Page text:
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photo series

 Ines Schaber
«Culture is our Business»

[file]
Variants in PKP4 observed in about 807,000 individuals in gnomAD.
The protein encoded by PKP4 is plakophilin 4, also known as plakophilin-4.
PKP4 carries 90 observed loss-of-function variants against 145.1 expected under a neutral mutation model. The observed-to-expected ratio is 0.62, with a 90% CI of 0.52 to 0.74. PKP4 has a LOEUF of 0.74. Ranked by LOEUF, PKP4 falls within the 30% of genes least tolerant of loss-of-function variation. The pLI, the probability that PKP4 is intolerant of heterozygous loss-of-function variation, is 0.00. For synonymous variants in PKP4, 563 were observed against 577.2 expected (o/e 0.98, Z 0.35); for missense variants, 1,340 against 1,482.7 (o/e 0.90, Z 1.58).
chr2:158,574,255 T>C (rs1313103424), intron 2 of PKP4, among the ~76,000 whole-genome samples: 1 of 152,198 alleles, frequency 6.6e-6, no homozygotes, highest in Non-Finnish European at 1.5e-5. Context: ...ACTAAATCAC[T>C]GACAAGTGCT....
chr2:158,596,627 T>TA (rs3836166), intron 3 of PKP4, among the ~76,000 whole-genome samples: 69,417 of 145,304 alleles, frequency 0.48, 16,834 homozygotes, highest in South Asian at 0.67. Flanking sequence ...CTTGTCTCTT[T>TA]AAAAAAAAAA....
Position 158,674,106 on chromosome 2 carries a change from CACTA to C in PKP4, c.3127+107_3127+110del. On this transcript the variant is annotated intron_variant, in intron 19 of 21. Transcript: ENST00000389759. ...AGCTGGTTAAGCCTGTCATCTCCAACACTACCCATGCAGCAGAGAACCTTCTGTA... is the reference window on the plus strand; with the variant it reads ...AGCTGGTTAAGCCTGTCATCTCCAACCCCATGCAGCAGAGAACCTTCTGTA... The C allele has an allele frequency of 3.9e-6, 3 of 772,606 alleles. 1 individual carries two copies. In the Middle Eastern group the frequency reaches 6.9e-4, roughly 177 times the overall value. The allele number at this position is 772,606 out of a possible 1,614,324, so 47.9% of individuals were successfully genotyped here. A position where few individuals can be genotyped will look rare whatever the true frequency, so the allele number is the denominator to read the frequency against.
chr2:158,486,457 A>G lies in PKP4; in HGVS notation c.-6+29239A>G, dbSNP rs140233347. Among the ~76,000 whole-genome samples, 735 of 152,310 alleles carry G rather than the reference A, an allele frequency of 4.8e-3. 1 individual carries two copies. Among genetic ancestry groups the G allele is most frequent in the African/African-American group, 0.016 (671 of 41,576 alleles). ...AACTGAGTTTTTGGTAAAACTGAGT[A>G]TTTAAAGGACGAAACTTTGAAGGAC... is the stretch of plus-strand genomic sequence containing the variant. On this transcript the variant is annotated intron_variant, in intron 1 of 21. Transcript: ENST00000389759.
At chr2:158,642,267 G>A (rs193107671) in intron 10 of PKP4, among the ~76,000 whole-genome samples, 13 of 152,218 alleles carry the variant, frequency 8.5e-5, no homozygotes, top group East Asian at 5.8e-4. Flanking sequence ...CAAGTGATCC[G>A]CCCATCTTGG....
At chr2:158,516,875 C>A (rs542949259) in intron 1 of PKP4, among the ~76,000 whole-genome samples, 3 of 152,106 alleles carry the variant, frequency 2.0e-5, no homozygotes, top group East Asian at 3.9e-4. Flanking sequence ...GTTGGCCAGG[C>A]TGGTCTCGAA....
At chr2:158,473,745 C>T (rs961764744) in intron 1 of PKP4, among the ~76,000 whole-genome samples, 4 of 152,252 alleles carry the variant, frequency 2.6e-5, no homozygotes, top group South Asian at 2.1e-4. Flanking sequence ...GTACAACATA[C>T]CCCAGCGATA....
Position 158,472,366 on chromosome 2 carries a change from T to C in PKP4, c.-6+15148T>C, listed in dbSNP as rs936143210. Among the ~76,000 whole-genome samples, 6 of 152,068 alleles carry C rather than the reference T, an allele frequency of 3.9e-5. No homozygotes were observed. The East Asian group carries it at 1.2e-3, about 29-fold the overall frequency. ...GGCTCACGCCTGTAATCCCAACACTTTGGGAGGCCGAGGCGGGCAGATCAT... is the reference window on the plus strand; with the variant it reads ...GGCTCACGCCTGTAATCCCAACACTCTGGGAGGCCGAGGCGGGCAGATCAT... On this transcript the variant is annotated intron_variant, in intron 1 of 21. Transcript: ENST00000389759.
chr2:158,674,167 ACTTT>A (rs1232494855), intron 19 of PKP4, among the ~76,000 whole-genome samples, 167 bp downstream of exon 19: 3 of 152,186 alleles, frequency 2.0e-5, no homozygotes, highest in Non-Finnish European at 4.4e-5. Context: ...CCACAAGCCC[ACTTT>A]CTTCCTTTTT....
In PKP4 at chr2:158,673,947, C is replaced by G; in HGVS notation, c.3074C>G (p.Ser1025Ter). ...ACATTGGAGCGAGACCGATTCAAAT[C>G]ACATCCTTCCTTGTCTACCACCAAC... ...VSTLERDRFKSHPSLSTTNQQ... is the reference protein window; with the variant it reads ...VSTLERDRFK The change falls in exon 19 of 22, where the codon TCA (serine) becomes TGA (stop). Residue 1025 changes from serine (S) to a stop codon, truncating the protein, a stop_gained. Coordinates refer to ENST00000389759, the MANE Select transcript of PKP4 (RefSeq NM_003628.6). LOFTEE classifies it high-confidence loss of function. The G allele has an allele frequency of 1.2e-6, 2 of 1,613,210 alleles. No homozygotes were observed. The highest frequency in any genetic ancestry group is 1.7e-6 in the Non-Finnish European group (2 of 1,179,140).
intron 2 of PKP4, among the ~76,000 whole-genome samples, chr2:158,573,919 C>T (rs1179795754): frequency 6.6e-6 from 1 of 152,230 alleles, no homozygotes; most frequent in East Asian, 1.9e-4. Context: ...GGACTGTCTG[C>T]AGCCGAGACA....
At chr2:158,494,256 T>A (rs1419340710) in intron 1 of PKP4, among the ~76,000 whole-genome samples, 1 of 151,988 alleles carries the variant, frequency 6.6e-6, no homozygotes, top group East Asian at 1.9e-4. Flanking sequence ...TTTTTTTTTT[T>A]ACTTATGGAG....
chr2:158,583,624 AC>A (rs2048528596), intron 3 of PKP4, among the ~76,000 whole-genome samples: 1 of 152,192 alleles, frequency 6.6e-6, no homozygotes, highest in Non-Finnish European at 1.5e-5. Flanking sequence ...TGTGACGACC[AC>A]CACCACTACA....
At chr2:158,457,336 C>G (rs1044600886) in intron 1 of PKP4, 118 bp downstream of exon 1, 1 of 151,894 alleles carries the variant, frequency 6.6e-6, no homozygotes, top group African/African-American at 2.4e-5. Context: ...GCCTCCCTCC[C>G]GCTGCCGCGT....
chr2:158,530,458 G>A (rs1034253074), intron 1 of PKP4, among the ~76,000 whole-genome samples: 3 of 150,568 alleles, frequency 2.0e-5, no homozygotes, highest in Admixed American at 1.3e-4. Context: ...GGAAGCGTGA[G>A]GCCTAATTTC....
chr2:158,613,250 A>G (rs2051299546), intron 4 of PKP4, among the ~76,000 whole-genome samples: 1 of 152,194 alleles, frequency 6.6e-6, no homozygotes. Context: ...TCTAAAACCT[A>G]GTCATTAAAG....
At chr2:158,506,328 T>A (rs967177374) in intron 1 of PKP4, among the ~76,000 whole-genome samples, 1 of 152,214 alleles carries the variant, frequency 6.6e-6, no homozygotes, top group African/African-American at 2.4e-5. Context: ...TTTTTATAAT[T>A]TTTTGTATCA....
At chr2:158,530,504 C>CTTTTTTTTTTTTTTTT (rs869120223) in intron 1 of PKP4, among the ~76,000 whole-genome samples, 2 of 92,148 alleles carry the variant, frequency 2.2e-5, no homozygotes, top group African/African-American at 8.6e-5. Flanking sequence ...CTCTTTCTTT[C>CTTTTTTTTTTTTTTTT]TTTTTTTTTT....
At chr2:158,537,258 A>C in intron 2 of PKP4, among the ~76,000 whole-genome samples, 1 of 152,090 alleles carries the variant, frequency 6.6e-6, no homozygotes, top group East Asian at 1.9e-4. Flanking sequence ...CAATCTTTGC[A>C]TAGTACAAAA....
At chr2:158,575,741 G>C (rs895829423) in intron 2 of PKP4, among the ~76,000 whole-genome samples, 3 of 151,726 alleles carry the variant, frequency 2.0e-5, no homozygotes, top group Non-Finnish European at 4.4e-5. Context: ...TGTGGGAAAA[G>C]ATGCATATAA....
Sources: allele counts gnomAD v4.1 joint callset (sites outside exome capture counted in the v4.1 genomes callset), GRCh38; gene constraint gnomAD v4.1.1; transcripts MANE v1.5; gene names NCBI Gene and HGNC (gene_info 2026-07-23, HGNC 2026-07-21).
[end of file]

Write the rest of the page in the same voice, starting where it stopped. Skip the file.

In 1989, Bill Gates, CEO of Microsoft, founded the firm of Corbis. Today this company owns one of the world’s largest image archives, made possible through the purchasing of larger photo-archives containing historically important photographs (among others, the Bettmann Collection). In 1999, the archive’s material resources – over 70 million photographs – were moved from New York City to an unused limestone shaft in Pennsylvania. Roughly ten percent of the collection was converted to a digital format – inscribed with a watermark – and posted on the firm’s website. Following the sale of a photograph, the watermark was removed and the image consequently made freely accessible. Many of these historic photographs, however, have long been publicly accessible by international law. But according to the WIPO Agreement of 1996, which oversees how digital information is handled: only in this way can the Corbis images exist under copyright today, since the embedded watermark is protected by copyright law. Referring to these interrelations, Ines Schaber exposes the potentially threatening, monopolistic-capitalistic appropriating of pictorial memory.